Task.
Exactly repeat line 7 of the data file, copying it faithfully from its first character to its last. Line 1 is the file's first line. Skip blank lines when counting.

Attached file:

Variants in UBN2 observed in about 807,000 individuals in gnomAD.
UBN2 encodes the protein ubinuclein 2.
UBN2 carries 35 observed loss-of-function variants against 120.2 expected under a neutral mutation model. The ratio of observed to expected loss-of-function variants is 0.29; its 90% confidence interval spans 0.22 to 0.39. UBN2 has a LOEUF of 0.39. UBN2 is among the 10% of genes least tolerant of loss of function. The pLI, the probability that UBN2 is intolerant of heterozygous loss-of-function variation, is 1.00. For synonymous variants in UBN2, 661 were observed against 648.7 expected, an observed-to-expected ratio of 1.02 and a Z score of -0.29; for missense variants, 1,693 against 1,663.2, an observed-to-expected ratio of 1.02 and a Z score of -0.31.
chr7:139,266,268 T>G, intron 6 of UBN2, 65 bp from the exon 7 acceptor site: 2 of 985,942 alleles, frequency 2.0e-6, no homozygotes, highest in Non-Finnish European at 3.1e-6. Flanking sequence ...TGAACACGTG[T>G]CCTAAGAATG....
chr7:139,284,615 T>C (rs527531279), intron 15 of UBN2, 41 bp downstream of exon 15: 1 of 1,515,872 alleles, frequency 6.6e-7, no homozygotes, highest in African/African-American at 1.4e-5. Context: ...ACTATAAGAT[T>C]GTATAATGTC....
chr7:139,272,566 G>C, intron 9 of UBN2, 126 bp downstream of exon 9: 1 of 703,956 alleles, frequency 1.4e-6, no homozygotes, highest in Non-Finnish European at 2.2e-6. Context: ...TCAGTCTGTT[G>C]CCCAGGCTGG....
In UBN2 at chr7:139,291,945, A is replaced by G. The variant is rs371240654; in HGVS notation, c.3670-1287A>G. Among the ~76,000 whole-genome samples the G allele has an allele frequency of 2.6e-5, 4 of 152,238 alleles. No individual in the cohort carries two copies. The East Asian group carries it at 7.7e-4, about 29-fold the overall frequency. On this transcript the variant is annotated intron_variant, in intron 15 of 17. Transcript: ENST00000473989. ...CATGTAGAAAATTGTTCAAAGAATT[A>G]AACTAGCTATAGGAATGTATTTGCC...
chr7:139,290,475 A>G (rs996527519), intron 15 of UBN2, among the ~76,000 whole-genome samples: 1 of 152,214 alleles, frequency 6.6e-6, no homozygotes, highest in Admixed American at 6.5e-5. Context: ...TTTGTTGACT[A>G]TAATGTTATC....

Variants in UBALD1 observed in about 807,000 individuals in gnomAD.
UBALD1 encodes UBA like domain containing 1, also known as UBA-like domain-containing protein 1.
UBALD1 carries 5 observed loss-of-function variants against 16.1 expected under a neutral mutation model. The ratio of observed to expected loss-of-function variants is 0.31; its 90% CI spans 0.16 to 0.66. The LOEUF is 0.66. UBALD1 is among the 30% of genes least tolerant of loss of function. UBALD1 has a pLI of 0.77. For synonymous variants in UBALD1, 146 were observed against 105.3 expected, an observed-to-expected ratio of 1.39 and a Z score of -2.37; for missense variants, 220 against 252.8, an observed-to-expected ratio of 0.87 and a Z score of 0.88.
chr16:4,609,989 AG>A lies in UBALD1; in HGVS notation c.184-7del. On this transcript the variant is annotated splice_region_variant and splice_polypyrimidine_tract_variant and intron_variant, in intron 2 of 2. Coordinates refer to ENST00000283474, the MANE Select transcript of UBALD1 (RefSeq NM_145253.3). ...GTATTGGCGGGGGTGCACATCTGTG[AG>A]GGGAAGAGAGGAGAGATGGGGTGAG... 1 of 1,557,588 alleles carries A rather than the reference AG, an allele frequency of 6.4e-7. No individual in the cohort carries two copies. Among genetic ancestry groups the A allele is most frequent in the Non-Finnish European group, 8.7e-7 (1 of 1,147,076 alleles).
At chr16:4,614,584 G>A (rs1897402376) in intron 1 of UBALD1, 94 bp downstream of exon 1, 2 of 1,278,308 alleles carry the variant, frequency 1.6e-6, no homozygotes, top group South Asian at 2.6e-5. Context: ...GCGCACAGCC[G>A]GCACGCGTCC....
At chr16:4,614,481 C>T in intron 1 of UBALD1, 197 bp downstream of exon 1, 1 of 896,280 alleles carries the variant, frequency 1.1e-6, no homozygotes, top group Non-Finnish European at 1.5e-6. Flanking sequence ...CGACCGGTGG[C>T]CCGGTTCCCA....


In UBN2 at chr7:139,291,945, A is replaced by G. The variant is rs371240654; in HGVS notation, c.3670-1287A>G. Among the ~76,000 whole-genome samples the G allele has an allele frequency of 2.6e-5, 4 of 152,238 alleles. No individual in the cohort carries two copies. The East Asian group carries it at 7.7e-4, about 29-fold the overall frequency. On this transcript the variant is annotated intron_variant, in intron 15 of 17. Transcript: ENST00000473989. ...CATGTAGAAAATTGTTCAAAGAATT[A>G]AACTAGCTATAGGAATGTATTTGCC...